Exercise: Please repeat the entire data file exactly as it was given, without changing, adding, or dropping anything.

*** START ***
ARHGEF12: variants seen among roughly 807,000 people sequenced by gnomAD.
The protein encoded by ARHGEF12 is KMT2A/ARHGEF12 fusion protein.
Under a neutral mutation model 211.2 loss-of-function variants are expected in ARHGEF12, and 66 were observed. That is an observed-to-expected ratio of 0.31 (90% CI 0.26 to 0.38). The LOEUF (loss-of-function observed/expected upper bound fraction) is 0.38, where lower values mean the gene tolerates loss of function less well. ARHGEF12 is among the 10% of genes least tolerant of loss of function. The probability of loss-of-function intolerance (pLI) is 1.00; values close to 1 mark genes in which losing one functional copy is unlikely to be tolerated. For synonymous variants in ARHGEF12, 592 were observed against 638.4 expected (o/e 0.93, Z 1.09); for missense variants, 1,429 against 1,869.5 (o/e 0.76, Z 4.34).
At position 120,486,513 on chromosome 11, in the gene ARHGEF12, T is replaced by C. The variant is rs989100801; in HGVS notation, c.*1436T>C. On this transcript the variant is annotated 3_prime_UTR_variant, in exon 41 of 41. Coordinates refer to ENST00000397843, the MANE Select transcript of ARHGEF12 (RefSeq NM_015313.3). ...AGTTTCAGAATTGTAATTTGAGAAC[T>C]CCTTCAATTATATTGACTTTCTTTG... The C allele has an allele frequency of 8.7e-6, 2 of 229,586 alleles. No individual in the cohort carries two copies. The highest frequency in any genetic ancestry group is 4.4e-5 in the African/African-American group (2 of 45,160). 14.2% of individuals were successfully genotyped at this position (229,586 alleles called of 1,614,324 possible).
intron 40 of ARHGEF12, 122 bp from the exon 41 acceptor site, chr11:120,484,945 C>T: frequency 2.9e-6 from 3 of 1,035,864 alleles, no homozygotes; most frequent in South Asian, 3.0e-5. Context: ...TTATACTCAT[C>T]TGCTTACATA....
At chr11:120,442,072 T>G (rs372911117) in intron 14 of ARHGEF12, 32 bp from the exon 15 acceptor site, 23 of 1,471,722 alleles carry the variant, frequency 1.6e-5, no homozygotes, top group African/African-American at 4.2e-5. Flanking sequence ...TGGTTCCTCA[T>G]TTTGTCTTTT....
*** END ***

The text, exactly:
ARHGEF12: variants seen among roughly 807,000 people sequenced by gnomAD.
The protein encoded by ARHGEF12 is KMT2A/ARHGEF12 fusion protein.
Under a neutral mutation model 211.2 loss-of-function variants are expected in ARHGEF12, and 66 were observed. That is an observed-to-expected ratio of 0.31 (90% CI 0.26 to 0.38). The LOEUF (loss-of-function observed/expected upper bound fraction) is 0.38, where lower values mean the gene tolerates loss of function less well. ARHGEF12 is among the 10% of genes least tolerant of loss of function. The probability of loss-of-function intolerance (pLI) is 1.00; values close to 1 mark genes in which losing one functional copy is unlikely to be tolerated. For synonymous variants in ARHGEF12, 592 were observed against 638.4 expected (o/e 0.93, Z 1.09); for missense variants, 1,429 against 1,869.5 (o/e 0.76, Z 4.34).
At position 120,486,513 on chromosome 11, in the gene ARHGEF12, T is replaced by C. The variant is rs989100801; in HGVS notation, c.*1436T>C. On this transcript the variant is annotated 3_prime_UTR_variant, in exon 41 of 41. Coordinates refer to ENST00000397843, the MANE Select transcript of ARHGEF12 (RefSeq NM_015313.3). ...AGTTTCAGAATTGTAATTTGAGAAC[T>C]CCTTCAATTATATTGACTTTCTTTG... The C allele has an allele frequency of 8.7e-6, 2 of 229,586 alleles. No individual in the cohort carries two copies. The highest frequency in any genetic ancestry group is 4.4e-5 in the African/African-American group (2 of 45,160). 14.2% of individuals were successfully genotyped at this position (229,586 alleles called of 1,614,324 possible).
intron 40 of ARHGEF12, 122 bp from the exon 41 acceptor site, chr11:120,484,945 C>T: frequency 2.9e-6 from 3 of 1,035,864 alleles, no homozygotes; most frequent in South Asian, 3.0e-5. Context: ...TTATACTCAT[C>T]TGCTTACATA....
At chr11:120,442,072 T>G (rs372911117) in intron 14 of ARHGEF12, 32 bp from the exon 15 acceptor site, 23 of 1,471,722 alleles carry the variant, frequency 1.6e-5, no homozygotes, top group African/African-American at 4.2e-5. Flanking sequence ...TGGTTCCTCA[T>G]TTTGTCTTTT....